A medium weight, delicate even wine, full of complex herby fruit. Has characteristics similar to Pinot Noir.

The standout wine:

Chateau Ksara, Le Prieure 2014
 What a little cracker this is! 13% alcohol with good acidity, which makes it certainly cool European in style, rather that baking hot. The blend is made up of primarily the on trend Cinsault and Carignan with a bit of Cabernet Sauvignon and Syrah thrown in to add complexity.

Juicy, fruity and a good level of chunky, with plenty of flavour but not an overpowering wine. Just perfect for  meats or some garlic inspired casserole!

Jon Harris’ Top Picks From The Mediterranean Roadshow

On the fourth and final leg of Hallgarten’s Mediterranean Roadshow we welcomed guests to the 29 Glasgow , where they were treated to a range of 95 wines to taste.

The tasting featured the unique flavours of many indigenous varietals from countries on the Med’s shores – the South of France, the Maremma, Southern Italy and the islands of Sardinia and Sicily including wines from the more marginal Mount Etna.

From the more exotic and adventurous Eastern Mediterranean, we will showcase wines from Croatia, Greece, Cyprus, Turkey and Lebanon, countries which have emerged on to the UK wine scene over the last decade.

Jon Harris, Sales Director – Scotland, picks out his Top 3 wines from the day…

1

Château Ksara, Blanc de Blancs 2016 Blanc de Blancs, Château Ksara, Bekaa Valley 2016

 

“Perfect for summer, fresh and bright with a surprisingly rich finish”

2

San Marzano, ‘Tramari’ Primitivo Rosé Salento 2016 'Tramari' Primitivo Rosé Salento IGP, San Marzano, Puglia 2016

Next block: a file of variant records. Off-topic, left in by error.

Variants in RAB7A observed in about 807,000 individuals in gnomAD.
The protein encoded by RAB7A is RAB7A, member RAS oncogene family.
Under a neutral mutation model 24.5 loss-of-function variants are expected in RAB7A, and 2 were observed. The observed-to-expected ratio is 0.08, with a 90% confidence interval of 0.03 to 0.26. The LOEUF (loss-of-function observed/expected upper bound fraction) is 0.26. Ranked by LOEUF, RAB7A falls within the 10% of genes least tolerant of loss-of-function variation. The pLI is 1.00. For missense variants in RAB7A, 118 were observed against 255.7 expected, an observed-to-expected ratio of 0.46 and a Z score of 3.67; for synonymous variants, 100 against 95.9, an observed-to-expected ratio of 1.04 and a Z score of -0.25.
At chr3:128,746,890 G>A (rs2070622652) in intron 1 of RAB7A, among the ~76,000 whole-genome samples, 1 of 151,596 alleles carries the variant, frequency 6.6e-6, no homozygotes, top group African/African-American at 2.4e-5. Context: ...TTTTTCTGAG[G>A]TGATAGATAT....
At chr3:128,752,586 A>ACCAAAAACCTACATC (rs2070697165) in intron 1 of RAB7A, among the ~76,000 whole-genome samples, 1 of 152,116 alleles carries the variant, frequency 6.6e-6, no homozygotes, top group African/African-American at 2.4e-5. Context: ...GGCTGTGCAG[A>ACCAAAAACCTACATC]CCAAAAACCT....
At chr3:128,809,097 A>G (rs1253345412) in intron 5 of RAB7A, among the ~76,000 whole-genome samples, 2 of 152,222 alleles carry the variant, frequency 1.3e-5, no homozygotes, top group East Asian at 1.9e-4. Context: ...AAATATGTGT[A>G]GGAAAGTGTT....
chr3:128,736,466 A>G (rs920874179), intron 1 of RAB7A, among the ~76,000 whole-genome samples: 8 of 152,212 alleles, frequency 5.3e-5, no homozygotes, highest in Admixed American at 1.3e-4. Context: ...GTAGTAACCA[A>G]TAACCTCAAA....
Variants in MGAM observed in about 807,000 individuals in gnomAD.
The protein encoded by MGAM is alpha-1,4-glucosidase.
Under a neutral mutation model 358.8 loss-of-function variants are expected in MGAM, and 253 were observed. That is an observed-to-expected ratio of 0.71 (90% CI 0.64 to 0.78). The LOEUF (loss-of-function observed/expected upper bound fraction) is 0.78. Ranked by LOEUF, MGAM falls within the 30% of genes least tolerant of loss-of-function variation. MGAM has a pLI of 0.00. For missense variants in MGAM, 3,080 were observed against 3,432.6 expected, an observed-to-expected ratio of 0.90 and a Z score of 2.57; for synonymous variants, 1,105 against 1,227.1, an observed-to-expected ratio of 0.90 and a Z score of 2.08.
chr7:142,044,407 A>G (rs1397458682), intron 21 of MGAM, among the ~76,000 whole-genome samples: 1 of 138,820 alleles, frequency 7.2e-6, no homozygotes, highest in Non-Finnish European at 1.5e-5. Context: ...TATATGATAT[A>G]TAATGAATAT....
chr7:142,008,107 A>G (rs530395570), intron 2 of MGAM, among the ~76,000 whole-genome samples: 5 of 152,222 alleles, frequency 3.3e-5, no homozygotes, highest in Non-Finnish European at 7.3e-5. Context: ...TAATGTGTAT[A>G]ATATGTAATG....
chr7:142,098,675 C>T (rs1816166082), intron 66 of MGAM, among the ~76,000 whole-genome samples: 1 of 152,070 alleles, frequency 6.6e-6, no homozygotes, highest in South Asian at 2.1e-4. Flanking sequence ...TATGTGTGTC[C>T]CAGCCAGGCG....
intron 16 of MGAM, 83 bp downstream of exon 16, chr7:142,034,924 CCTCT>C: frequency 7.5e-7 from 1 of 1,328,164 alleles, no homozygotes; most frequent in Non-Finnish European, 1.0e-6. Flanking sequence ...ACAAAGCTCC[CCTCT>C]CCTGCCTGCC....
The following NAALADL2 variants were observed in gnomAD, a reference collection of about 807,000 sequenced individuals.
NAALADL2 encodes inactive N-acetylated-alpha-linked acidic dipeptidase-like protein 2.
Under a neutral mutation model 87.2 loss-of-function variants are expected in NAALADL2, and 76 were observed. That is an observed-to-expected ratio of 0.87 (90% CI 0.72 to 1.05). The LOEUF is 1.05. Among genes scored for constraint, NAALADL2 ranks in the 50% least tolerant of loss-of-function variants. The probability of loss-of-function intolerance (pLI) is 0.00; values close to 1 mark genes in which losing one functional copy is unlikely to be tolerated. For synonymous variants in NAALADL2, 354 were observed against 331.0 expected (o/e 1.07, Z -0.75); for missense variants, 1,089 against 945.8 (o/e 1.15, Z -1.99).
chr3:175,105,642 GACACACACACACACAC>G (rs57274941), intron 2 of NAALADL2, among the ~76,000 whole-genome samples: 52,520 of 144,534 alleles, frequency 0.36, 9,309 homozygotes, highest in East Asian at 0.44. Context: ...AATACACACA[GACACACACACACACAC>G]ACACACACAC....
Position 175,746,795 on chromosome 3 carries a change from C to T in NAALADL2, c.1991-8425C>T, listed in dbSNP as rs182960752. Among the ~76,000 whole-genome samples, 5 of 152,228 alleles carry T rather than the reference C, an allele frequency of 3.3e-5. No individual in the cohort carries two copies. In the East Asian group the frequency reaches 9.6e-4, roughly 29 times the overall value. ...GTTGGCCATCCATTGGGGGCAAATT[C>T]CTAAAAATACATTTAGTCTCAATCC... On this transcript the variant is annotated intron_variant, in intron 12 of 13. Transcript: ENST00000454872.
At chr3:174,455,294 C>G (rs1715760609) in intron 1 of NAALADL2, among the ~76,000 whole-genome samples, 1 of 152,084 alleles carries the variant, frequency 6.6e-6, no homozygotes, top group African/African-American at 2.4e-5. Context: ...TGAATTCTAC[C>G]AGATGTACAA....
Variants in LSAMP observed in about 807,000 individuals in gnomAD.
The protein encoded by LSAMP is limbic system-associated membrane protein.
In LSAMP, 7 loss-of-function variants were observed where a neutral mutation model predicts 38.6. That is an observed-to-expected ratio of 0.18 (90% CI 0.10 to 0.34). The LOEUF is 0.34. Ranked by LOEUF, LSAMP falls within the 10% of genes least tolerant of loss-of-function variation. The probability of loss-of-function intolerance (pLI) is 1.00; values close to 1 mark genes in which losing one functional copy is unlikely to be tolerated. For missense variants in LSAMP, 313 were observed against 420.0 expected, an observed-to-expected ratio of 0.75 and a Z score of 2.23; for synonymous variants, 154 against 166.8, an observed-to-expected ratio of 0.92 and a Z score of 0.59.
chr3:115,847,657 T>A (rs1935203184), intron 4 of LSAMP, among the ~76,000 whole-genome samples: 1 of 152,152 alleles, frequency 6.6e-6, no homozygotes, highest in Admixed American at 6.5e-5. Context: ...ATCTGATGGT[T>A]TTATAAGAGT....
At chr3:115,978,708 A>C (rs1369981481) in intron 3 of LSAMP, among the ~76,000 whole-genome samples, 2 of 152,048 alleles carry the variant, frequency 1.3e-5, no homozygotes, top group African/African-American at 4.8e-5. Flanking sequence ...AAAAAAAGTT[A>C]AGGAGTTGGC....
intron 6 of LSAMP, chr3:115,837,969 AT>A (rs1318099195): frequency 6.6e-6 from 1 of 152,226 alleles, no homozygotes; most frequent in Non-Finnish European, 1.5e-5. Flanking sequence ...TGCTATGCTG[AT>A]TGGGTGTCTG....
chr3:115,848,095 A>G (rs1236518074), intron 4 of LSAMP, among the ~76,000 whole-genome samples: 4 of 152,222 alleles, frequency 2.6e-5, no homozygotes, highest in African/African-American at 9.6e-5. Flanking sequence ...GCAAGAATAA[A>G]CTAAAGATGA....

“As with everything these guys do, exceptional, looks great, tastes even better. Defines the term “Brosé” – a rosé wine acceptable for men to drink in public!”

3

Colomba Bianca, Kore Nero d Avola 2016Nero d'Avola 'Kore' , Colomba Bianca, Sicilia DOC 2016

 

“Excellent example and perfect for BBQ season. Big, bold and spicy but not over extracted.”

Four Days, Four Locations, Four Tastings

At the start of June we went on a tour of the UK with the unique flavours of many indigenous varietals from countries on the shores of the Med – the South of France, the Maremma, Southern Italy and the islands of Sardinia and Sicily including wines from the more marginal Mount Etna. From the more exotic and adventurous Eastern Mediterranean, we will showcase wines from Croatia, Greece, Cyprus, Turkey and Lebanon, countries which have emerged on to the UK wine scene over the last decade.

The Roadshow stopped off in Bristol, London, Birmingham and finally Edinburgh.

Justin Keay, writing for The Buyer visited us in London to taste through the range of wines and below is what he thought…

Under the direction of its head of buying, Steve Daniel, has been steadily building up its Mediterranean wine portfolio collecting together wineries from the Lebanon, Occitanie, Italy, Turkey, Cyprus and Croatia. But it was the wines from Greece that Justin Keay was particularly enamoured with.

UK wine supplier, Hallgarten, thinks small is beautiful, and they’re right. When it comes to the  Mediterranean, the smaller wineries in its portfolio are producing world class wines that also deliver outstanding value for money.

Last September, Hallgarten took its South African wines and winemakers out on the road, hosting a series of tastings that showed how far the Rainbow Nation’s wine industry has come in recent years. Recently it’s been the turn of Hallgarten’s impressive Mediterranean portfolio – four tastings, four days, but made worthwhile by the sheer quality of what was on show.

Less can be more, I said to myself, noting that in just 95 wines and 11 tables Hallgarten had wrapped up much of what is currently interesting in winemaking in the Mediterranean.

So what were the stand-out wines?

Starting with the eastern Mediterranean, Lebanon’s Château Ksara – located in the Bekaa Valley, adjacent to Syria – was showing 10 wines, all pretty good by any standard. The reds, for those who like their Bordeaux blends, are well made and quite serious although it was the Cuvée 3eme Millenaire 2013, (a blend of 40% Petit Verdot, 30% Syrah and 30% Cabernet Franc) that really impressed. This was full-on cassis fruit intensity, good balanced oak (14 months in barrel), and still very much in its youth.